Their up and coming documentary is titled Face of Darkness: A Journey to Healing. Nelson and his fellow producers are currently in the stage of securing funding and getting the word out. According to Nelson, although the task has been challenging, the community support has been “amazing.”
 
To Nelson their progress has been good. Every time something happens related to depression people send him something that they know relates to the film.
 

They associate me with this cause,” he said.


It lets me know that they know what I’m doing.”

 
With this film, Nelson hopes to open the eyes of people and have them take the initiative of becoming accountable for their surrounding peers and community members. Nelson wants to remove the formality behind the question, “how are you doing” and wants people to ask only when they have the time to actually listen.
 

You never know,” said Nelson.


Someone might want to tell you how they feel because you can potentially change or save their lives.”

 
With the documentary, Nelson hopes to create a safe platform and space for people to be able to communicate.
 

Imagine when your father cannot communicate,” he said.


Everyone thinks he’s angry but he’s really hurting. It’s really not fair so I’m starting this movement. This movement, this journey to healing has started.”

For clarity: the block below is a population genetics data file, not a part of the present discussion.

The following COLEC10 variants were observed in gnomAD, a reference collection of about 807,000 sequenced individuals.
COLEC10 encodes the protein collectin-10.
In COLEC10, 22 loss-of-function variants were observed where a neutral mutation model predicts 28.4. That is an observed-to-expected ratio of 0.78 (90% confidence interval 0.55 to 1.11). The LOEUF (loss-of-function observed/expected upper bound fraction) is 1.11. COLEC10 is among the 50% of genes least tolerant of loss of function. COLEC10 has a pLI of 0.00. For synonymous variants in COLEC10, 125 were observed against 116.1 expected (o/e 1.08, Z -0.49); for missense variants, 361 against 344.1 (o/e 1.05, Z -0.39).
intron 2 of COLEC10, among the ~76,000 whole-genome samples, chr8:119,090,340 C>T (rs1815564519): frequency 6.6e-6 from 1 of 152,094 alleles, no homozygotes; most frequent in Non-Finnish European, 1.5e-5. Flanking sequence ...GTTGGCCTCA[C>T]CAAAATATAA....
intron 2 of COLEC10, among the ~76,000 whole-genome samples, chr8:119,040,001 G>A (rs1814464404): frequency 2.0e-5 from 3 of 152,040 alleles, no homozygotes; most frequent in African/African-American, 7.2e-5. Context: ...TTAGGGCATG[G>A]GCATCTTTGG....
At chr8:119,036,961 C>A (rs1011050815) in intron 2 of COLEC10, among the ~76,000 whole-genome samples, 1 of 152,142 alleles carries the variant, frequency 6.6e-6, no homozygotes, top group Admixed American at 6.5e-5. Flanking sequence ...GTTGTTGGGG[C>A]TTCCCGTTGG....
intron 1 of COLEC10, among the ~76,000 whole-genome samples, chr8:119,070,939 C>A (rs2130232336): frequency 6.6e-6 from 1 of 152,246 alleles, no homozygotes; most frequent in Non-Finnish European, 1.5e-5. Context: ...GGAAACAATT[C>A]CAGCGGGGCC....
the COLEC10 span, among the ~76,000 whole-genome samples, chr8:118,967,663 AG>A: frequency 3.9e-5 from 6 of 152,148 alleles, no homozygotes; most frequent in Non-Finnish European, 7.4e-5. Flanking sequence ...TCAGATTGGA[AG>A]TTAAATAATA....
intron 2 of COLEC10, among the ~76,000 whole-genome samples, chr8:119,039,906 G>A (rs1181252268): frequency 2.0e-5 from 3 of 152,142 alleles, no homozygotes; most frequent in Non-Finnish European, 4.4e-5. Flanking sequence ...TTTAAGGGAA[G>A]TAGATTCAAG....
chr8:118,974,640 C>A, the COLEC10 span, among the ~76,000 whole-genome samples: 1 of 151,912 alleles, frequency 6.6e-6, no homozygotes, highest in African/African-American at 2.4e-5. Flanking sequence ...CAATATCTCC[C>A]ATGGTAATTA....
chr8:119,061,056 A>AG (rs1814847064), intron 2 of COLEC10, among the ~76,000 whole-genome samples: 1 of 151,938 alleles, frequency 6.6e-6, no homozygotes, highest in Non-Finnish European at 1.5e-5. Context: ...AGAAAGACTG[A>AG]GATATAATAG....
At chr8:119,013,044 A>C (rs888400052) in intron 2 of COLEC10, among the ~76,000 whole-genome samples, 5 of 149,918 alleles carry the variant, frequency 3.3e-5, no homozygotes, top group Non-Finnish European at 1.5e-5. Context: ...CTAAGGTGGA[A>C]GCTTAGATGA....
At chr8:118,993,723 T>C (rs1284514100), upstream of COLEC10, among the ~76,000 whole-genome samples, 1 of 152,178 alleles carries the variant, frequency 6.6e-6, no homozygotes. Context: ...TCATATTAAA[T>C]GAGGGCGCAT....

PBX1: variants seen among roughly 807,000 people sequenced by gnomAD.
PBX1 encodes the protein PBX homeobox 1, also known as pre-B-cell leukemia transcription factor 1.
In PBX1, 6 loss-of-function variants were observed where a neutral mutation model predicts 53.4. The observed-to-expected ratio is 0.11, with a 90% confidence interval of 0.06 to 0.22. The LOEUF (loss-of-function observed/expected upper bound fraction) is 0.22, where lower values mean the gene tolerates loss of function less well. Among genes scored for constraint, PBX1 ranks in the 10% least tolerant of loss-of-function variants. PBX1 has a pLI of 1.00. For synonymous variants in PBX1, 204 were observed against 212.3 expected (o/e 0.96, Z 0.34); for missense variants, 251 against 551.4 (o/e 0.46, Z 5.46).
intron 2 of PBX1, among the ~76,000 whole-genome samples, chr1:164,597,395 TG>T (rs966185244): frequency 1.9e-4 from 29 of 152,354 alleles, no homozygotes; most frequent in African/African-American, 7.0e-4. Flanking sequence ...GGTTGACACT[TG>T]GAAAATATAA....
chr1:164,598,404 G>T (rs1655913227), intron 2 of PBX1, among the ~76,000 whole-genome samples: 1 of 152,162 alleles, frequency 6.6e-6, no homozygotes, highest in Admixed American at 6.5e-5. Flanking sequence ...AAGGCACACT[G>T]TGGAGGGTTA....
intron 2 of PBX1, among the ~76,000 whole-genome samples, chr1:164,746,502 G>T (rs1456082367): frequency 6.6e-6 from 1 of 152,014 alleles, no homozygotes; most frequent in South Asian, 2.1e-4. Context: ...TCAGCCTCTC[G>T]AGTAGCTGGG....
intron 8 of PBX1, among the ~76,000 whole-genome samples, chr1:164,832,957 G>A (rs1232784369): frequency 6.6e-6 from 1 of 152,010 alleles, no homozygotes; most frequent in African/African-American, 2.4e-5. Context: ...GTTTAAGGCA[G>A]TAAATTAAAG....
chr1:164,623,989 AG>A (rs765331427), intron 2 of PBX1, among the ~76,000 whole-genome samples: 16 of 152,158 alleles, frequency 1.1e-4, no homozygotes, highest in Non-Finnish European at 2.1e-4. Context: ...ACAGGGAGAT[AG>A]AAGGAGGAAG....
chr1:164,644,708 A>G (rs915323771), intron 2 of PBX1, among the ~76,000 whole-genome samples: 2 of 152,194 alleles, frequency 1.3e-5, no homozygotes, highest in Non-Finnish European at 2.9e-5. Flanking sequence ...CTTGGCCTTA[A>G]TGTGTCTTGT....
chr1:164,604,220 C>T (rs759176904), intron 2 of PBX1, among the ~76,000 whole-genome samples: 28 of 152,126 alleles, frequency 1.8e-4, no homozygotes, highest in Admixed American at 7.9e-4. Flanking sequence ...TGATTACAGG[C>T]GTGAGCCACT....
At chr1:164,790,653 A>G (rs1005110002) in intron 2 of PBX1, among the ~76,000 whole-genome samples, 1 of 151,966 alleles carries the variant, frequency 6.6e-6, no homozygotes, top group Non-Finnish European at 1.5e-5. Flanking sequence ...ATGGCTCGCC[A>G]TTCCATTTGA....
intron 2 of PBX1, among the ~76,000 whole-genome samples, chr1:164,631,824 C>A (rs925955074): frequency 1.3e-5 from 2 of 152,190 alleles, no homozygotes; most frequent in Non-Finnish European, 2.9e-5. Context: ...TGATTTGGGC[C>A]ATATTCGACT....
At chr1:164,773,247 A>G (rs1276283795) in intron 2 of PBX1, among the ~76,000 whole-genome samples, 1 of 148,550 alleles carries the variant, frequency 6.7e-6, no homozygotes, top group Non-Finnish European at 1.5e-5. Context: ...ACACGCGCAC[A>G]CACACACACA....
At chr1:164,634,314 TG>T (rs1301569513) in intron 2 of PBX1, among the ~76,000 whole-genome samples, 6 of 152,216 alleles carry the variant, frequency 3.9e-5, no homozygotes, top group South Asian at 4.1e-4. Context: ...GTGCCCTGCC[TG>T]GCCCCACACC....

For more information and/or to support the cause, people can visit www.faceofdarknessdocumentary.com.
 
View the documentary trailer here:

Don’t forget to check out our full website for all other entertainment related content: www.delilahandcompany.com 
Follow us on Twitter & Instagram: @delilahandco 

Now signing off with the reminder: Don’t wait for the world to recognize your greatness, live it and let the world catch up to you.
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Tamara Shanice

Tamara Shanice is an actress, writer, lyricist and fashionable hustler who takes pride in entertaining and educating through her art. She’s a wandering spirit who loves to travel the world and marvel at the works of God’s paintbrush.